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Nature. 1986 Apr 10-16;320(6062):537-40.

Expression of AIDS virus envelope gene in recombinant vaccinia viruses.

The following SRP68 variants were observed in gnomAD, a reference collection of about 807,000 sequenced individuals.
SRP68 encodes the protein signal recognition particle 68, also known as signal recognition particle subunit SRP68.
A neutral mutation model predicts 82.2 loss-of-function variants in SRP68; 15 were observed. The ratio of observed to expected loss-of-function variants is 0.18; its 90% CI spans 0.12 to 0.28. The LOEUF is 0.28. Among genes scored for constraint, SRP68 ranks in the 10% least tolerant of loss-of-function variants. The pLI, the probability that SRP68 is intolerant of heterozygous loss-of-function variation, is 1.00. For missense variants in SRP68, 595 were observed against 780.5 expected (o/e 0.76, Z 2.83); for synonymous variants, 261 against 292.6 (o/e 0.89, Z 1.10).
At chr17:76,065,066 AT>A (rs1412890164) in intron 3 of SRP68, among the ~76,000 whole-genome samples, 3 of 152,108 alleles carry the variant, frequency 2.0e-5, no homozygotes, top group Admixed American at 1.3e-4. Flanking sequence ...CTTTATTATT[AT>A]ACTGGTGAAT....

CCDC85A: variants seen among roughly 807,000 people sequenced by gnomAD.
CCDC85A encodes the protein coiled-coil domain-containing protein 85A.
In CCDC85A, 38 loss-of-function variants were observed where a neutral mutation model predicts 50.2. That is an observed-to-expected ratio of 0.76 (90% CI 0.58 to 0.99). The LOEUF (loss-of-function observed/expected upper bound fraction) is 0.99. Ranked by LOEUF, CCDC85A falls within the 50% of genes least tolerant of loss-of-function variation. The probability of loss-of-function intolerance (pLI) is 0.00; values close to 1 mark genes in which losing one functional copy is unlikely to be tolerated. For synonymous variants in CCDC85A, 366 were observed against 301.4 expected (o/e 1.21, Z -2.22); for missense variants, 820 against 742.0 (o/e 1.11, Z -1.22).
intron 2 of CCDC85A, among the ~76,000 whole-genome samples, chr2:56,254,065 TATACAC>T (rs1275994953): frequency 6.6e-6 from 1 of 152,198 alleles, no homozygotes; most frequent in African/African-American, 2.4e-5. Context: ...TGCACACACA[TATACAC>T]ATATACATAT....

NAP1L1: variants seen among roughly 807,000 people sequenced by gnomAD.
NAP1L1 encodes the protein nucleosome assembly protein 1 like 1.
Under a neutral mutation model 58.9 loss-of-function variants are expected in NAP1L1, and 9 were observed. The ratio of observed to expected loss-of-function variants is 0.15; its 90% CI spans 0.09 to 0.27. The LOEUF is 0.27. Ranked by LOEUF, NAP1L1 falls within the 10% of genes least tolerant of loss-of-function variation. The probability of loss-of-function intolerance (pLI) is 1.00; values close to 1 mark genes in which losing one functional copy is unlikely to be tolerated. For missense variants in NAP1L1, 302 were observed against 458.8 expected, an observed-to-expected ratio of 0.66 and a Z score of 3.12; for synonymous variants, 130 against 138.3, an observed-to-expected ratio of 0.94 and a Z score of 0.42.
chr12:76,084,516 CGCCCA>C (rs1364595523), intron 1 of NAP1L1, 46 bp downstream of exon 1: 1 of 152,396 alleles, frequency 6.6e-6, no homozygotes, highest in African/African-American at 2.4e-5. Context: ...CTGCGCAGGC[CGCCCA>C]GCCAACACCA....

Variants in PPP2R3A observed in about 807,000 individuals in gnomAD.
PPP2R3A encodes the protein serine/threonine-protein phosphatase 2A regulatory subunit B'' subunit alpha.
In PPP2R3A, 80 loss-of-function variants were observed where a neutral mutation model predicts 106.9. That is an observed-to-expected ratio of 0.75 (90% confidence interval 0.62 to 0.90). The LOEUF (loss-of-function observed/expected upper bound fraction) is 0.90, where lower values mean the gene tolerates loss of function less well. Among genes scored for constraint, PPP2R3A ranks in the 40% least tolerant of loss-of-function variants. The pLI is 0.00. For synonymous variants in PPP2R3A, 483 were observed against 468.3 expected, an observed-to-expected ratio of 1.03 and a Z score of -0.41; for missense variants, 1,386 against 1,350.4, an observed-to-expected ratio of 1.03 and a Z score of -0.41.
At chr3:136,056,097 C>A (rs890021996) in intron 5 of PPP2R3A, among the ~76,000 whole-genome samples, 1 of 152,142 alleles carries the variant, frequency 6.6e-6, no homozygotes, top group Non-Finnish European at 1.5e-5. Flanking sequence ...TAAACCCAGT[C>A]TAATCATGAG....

Acquired immune deficiency syndrome (AIDS) is an infectious disease characterized by severe impairment of the patient's cell-mediated immune system. Several lines of evidence have indicated that the aetiological agent of AIDS is a group of T-lymphotropic retroviruses, variously known as lymphadenopathy-associated virus (LAV), human T-lymphotropic virus type III (HTLV-III) and AIDS-associated retrovirus (ARV). Serological surveys have indicated that as many as one million people in the United States may have been infected by LAV/HTLV-III, and the spread of AIDS has become a global concern. The need for a better understanding of the viral immunology and for a vaccine against AIDS is self-evident. To this end, we have constructed recombinant vaccinia viruses containing the envelope (env) gene of LAV, and demonstrate here that cells infected with these viruses express immunoreactive proteins similar to those present on LAV virions. Experimental animals infected with these recombinant viruses elicited antibodies that specifically recognized LAV envelope proteins.

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